Published on 15th February 2018 by Halimah Manan

Accident and Emergency

Welcome back to the weekly edition of the news summary blog. This blog gives you the key stories in health news that occurred between 9 – 15 February. News stories this week include: heavily processed foods being linked to cancer, a new antibiotic family has being discovered and the rich poor health divide continues to widen.

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A research study published this week has linked ultra-processed foods such as chicken nuggets and pizza to the development of cancer. In developed countries such as the UK fast food and ready meals make up almost 50% of the average person’s diet. The study which was conducted in France found that a 10% increase in ultra-processed food intake was linked to a 12% increased risk of developing cancer. The study included over 100,000 participants and the researchers accounted for variation in gender, age, family history of cancer and whether or not the participant was a smoker. The study marks the first of its kind to investigate the link between processed foods and cancer. Currently the reasons behind the link are unknown and further studies in the field are planned.  

Scientists in the US have discovered a new family of antibiotics found in soil. The compounds found, known as malacidins have been shown in tests to destroy bacteria that cause infections including the superbug MRSA. With antibiotic resistance on the rise it is hoped that the compounds could be used to treat resistant infections in the future. Currently worldwide, 700,000 people die per year from antibiotic resistant infections. It is too early to determine whether malacidins will be used clinically in the future and further studies must be completed to determine their effectiveness.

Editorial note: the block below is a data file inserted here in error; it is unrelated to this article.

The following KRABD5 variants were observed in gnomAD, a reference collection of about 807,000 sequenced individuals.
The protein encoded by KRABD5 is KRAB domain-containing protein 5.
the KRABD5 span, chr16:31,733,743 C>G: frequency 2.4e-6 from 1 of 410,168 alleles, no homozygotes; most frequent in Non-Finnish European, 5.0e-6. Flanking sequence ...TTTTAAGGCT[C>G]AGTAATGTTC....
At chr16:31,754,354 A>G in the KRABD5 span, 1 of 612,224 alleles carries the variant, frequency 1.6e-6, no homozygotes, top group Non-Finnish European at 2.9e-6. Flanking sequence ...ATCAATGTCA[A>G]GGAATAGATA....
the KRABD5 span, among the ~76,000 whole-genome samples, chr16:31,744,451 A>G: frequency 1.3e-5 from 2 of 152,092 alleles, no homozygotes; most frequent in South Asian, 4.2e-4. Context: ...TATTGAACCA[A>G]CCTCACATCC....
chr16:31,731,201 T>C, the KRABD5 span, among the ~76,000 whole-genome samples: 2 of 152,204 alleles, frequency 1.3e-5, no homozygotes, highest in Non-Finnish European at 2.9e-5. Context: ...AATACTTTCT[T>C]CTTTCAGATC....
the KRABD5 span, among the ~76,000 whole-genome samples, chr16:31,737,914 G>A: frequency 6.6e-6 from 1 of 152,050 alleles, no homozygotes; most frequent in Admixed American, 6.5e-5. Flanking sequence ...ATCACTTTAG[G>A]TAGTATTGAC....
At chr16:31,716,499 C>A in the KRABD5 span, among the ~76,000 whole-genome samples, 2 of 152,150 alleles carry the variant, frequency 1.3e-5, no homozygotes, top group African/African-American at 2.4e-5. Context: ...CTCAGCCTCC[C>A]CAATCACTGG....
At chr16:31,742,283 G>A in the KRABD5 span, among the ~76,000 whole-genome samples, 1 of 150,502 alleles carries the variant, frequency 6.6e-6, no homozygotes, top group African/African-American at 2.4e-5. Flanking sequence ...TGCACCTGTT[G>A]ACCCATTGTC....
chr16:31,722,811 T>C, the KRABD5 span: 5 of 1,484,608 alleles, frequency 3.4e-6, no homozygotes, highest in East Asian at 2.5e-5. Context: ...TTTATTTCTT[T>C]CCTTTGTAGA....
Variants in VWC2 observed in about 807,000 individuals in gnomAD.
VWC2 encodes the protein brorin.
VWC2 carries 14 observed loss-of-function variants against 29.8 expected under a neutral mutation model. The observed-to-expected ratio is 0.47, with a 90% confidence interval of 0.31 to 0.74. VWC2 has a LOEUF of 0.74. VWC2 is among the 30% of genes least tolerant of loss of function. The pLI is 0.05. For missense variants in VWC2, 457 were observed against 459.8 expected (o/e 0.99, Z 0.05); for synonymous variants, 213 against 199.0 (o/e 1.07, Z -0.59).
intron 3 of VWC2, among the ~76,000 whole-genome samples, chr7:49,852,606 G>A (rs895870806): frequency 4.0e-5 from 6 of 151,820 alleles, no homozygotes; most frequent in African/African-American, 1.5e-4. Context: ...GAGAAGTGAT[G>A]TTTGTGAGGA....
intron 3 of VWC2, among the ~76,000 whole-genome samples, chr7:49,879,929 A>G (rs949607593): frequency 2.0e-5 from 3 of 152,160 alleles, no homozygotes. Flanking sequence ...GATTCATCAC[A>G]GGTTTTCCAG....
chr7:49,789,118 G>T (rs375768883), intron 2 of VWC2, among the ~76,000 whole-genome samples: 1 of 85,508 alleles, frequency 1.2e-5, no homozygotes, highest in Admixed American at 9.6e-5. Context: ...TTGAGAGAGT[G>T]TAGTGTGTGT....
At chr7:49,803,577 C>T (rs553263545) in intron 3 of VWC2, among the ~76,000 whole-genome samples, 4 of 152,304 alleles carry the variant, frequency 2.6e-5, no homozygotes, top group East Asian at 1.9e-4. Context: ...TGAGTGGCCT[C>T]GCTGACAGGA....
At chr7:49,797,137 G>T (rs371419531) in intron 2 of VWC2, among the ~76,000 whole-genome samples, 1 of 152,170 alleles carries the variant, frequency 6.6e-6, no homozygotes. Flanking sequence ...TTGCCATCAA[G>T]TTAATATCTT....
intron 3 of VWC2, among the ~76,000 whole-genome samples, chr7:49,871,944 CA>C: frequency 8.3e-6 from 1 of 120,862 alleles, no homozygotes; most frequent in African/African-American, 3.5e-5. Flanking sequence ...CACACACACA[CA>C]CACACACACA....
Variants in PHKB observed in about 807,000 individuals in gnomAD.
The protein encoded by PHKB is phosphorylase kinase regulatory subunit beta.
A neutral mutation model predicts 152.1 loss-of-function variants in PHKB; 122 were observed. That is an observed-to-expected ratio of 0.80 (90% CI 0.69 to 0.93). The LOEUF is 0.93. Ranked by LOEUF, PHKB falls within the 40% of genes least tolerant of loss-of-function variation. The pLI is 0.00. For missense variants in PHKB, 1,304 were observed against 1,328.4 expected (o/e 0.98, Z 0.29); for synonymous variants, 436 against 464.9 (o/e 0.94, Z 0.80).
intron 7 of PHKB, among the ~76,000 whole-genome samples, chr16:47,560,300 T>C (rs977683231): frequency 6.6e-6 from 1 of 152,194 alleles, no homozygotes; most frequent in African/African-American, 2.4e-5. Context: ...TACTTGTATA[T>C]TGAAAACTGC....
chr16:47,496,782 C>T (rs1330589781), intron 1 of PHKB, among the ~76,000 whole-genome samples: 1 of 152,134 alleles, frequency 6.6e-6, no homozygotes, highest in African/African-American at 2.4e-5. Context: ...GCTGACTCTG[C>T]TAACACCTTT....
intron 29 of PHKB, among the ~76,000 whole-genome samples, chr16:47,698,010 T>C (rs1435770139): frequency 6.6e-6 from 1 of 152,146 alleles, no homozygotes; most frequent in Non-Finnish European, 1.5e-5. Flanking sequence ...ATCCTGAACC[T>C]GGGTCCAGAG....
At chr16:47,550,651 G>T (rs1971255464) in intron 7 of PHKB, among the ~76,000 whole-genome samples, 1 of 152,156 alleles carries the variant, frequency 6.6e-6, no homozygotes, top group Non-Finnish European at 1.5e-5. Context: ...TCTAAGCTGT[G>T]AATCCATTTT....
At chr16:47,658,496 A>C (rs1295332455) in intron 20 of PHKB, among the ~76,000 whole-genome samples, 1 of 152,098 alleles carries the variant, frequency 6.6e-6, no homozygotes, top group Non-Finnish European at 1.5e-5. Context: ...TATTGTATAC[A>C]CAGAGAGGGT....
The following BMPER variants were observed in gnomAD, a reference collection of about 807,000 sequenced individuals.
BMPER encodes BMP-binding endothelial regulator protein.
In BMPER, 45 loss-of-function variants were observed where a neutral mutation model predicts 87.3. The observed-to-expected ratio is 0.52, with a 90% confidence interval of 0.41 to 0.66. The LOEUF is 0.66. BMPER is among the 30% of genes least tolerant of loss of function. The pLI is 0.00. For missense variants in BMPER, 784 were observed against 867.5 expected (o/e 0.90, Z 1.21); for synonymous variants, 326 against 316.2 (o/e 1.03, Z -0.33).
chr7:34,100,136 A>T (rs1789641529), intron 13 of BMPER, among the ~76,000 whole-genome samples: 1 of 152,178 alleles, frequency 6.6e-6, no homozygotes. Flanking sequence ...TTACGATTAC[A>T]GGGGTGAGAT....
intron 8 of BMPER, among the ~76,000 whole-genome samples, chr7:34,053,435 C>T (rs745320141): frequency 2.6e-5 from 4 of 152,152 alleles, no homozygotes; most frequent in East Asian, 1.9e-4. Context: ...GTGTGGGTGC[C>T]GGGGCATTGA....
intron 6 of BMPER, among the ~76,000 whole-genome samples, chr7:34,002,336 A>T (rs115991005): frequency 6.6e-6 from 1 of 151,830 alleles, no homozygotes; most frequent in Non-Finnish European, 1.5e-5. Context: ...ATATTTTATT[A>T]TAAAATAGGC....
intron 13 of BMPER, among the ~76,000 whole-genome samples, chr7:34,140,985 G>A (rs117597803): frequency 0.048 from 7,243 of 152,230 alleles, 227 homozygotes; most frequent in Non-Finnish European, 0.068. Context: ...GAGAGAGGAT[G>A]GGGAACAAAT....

A study comparing rich and poor families have found that children from poorer backgrounds are far more likely to attend hospital A&E departments. Teenagers from deprived backgrounds were found to be almost 70% more likely to attend A&E departments than those from affluent families. The data collected has shown an increase in health inequalities across England.

Words: Joelle Booth

I’m Joelle, I am a fourth year dental student at King’s College London. I enjoy creating new vegan recipes, listening to podcasts on a run and the odd bottomless brunch. In my spare time I like to travel and explore London, I blog about my experiences and capture them all on my Instagram @joelleinlondon.

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